U.S. Department of Transportation
Federal Highway Administration
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Federal Highway Administration Research and Technology
Coordinating, Developing, and Delivering Highway Transportation Innovations
|This report is an archived publication and may contain dated technical, contact, and link information|
Publication Number: FHWA-RD-02-095
This chapter presents Phase III, Implementation, of the specification development process. The purpose of this chapter is to provide prescriptive steps that have been used by agencies and that may be useful as an aid in the implementation process. There are many items that can be used in implementing the specification. Some of these may be unnecessary if the specification has been used previously and only a modification is needed. On the other hand, if it is the first use of a QA specification, all of these items should be considered. The primary theme in these suggested steps is to "ease the pain" and to make the learning curve more easily understood by both the private sector and the agency personnel. The steps that are involved in the implementation process are identified in the flowchart in figure 42. The numbers in boxes before the titles of the following sections refer to the corresponding box in the flowchart.
Without having to do any fieldwork it is possible to use data from several projects either under construction or recently completed to investigate whether the specification works as intended. This will allow the determination of how the acceptance procedures and payment factors would have performed had the new acceptance plan been used on these projects. However, there are potential drawbacks to putting too much emphasis on these data. Caution is urged against drawing conclusions from this analysis because the contractors did not respond under these projects in the same manner as they would have had the new acceptance provisions been part of the project contracts. The data will probably not have been gathered in the same manner on the ongoing projects as will be required in the new acceptance plan. In other words, sublot and lot sizes and sampling frequency will likely be different. Nonetheless, the analysis can provide inexpensive, early, general insights as to how the new acceptance plan might perform.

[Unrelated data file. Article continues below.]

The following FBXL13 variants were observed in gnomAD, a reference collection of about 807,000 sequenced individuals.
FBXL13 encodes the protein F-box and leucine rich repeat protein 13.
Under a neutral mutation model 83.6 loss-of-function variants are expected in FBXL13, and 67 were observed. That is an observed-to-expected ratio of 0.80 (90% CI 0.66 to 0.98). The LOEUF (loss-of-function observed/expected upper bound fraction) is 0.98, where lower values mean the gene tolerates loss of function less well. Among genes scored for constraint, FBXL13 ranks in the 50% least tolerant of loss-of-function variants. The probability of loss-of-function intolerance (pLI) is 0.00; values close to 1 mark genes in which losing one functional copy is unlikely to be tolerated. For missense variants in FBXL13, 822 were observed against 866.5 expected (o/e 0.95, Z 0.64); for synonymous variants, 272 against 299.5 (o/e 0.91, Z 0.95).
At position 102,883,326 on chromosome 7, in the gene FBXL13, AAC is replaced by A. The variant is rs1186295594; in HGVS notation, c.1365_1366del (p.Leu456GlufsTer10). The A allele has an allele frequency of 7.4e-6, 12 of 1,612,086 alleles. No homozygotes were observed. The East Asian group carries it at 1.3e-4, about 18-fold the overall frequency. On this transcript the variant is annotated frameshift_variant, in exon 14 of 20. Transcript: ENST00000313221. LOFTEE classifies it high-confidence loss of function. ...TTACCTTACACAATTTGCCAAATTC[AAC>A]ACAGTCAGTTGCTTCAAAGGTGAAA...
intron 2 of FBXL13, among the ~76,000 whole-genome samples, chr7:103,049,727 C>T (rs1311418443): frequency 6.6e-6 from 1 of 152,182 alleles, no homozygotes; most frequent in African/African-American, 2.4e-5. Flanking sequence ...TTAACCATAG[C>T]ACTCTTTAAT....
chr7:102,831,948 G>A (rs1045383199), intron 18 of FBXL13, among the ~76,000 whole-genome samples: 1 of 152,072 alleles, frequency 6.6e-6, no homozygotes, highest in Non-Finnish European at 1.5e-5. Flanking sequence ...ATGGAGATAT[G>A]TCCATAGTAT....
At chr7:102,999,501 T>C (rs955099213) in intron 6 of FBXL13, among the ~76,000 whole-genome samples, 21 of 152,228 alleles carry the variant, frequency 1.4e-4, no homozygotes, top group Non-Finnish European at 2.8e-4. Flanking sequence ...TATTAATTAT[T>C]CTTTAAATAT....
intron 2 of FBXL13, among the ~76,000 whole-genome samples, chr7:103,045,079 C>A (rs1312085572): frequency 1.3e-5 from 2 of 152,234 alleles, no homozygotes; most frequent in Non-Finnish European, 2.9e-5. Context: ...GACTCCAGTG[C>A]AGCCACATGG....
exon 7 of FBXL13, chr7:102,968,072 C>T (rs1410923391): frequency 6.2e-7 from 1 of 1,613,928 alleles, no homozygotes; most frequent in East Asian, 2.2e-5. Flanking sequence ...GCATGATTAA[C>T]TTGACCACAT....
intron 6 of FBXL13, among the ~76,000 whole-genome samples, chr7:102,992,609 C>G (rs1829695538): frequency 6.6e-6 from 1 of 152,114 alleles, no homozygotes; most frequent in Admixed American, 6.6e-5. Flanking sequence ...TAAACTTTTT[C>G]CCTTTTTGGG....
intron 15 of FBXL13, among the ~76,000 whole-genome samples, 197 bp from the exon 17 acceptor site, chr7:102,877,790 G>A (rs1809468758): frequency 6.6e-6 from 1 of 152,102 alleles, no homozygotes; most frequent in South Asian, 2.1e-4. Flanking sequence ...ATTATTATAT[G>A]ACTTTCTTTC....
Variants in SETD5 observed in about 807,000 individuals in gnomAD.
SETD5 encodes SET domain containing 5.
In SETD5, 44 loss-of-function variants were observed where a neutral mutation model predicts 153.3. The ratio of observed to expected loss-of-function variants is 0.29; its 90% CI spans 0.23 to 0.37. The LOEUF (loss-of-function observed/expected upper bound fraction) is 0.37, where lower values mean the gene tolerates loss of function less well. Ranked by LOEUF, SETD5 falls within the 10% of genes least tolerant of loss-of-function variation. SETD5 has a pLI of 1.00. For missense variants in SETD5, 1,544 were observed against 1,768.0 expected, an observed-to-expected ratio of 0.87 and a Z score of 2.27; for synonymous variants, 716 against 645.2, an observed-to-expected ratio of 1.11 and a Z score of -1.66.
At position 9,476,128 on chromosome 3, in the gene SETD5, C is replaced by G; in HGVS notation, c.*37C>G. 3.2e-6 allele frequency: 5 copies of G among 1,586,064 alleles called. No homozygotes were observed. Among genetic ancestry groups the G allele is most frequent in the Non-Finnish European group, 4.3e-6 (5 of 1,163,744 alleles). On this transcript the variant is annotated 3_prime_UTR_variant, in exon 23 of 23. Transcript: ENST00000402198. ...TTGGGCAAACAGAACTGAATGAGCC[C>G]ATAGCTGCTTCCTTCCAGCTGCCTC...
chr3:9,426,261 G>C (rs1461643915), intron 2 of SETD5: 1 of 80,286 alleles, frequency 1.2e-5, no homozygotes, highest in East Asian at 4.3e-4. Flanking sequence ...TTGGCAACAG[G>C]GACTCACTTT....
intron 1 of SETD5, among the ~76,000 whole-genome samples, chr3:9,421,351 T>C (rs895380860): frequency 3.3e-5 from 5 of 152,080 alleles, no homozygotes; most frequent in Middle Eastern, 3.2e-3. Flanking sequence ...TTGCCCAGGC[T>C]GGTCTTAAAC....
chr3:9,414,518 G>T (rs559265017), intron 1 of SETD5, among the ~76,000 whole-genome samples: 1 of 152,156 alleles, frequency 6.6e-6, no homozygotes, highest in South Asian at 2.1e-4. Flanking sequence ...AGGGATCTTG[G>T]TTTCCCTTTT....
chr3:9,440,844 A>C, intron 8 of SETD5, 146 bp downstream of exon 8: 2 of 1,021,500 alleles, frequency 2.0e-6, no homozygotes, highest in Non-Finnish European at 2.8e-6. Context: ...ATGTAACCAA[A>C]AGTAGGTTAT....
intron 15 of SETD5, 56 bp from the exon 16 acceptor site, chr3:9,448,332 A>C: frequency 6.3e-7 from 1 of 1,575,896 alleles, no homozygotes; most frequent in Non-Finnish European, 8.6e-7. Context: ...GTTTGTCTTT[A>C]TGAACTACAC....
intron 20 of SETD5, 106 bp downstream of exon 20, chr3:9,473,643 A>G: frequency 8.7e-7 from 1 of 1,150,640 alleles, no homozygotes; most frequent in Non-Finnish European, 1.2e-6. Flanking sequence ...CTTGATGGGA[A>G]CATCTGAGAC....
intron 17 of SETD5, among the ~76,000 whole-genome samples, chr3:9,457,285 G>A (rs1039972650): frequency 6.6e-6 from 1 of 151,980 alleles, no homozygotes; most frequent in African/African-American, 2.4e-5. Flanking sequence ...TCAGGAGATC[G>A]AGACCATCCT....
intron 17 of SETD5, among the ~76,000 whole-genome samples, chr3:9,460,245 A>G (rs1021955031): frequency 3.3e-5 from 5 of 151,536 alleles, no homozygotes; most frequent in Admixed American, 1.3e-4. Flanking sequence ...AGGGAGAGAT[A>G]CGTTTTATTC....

Also, be sure that random sampling was used to collect the data. This analysis will only be valid if random sampling was used on the projects. Similarly, assure that the same sampling and testing procedures as decided upon in Phase II were used to collect the data. The analysis will only be valid if the same sampling and testing procedures were used that are contained in the new acceptance plan.